After six seasons, Justified finally came to an end … was it a fitting end to this series?
Although I wasn’t sure I’d be back to watch this show’s final season after last year’s miserable dive, I did return. I wanted to see a final effort to bring back the quirky, sly, intelligent spirit that infused the early seasons of this once so-fun show.
Well, they tried.
Unsurprisingly, the show in the final season came down to a showdown between protagonist Raylan, outlaw Boyd, and the women who has loved them both, Ava.
Who knows what was going on behind the scenes, but somehow, up to this season, the spirit of the Elmore Leonard short story upon which the story was based seemed to leach further away with each passing week. By the end of last season, the show had almost turned into a procedural in which all the characters were bored.
This season seemed to get off to a better start, as the focus unsurprisingly was on Raylan, Boyd and Ava — the odd triangle that brings us back around to Season 1 and its
As previously noted, the show is produced by Graham Yost, who also produces the excellent The Americans. And so, after Justified lost its way so badly last season, they decided to use what works so well on that show in Harlan County this season: Ava became a pawn in the machinations of powers greater than herself, and grew into the center of a series of double- and triple-crosses and more. (This mirrored Soviet agent Nina’s predicament on The Americans.) For a while, this set-up served its purpose.
The mystery for me was the almost total emotional absence of Raylan, the emotional center of the show, in this final season. What a missed opportunity. It could have been powerful, with Raylan coming to terms with who he is and which pieces of his identity he chose to keep — and how that might culminate in his ultimate face-off against Boyd, the uber-frenemy bad guy with whom he once escaped a coal mine disaster. Sadly, there was exactly one episode this season that tried to scratch that surface, and the story then reverted to the soap opera aspects between Boyd and Ava.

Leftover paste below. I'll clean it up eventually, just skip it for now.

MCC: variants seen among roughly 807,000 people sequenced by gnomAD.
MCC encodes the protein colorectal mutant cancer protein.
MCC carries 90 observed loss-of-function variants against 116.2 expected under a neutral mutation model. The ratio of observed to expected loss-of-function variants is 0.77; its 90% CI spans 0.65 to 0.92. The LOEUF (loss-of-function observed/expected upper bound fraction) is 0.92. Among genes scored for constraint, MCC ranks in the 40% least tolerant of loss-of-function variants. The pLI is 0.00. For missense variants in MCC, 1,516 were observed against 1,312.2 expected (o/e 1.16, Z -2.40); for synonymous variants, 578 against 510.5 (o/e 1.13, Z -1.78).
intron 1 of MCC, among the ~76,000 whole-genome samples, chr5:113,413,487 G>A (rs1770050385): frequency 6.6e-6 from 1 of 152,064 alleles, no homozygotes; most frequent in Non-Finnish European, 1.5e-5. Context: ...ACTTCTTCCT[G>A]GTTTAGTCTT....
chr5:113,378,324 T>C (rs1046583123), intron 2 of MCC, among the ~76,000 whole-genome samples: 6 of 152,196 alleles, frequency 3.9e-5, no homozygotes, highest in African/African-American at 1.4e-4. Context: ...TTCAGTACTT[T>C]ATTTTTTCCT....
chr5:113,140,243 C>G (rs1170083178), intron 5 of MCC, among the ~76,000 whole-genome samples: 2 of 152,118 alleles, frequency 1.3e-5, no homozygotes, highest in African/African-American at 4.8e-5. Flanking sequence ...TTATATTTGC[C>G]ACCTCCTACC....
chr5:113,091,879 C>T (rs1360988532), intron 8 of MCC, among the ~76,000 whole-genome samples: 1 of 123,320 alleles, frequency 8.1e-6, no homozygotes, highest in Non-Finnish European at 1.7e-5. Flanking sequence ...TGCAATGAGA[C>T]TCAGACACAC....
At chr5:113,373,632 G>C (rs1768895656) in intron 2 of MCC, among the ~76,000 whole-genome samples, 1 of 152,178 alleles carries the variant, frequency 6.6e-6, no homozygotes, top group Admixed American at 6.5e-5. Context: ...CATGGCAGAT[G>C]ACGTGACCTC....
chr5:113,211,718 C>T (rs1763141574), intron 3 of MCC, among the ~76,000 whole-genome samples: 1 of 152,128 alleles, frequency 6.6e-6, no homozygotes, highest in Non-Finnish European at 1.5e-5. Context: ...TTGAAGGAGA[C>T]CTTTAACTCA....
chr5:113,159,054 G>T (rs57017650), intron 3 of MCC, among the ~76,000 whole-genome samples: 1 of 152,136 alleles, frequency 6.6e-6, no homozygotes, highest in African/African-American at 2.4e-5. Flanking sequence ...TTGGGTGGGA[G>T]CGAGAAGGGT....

The tension around how much Ava really loved Boyd and how far she was willing to go on his behalf could only last so long.
We were asked to care and wonder if Raylan would shoot Boyd dead (in the ultimate confrontation, he didn’t) and whether he might hook up with Ava and forsake his daughter and daughter’s mother, Winona, in Miami. Frankly, I never did care.
Boyd turned into a monster in the last episodes, killing off his loyal henchman Carl, as well as an innocent dad whose car he steals. “I’m an outlaw,” he says before he blows the guys brains out. I thought for sure this was setting up Boyd’s ultimate murder via Raylan’s famous quick draw, but it did not. It didn’t seem as if that decision sprang from some thought-out moral strategy on the writers’ part that would have given it some depth. As with so much, it seemed ad hoc, at best.
The entire last episode was filled with truly regrettable writing, poor directing choices, and what seemed like an effort to simply fill time (like: “I’m sorry I can’t drive you to the airport”; or Q: “Where’s Rachel?” A: “She’ll be back in a minute.”) There was absolutely no tension.
Even more regrettably, though, there was no edgy Elmore Leonard-esque grit and humor.
I hope that all the fine actors of the show will find new and compelling projects. Perhaps, like Margo Martinadale (who played Mags so well in Season 2), a few might even end up over at The Americans.
For anyone whose been reading along … thank you!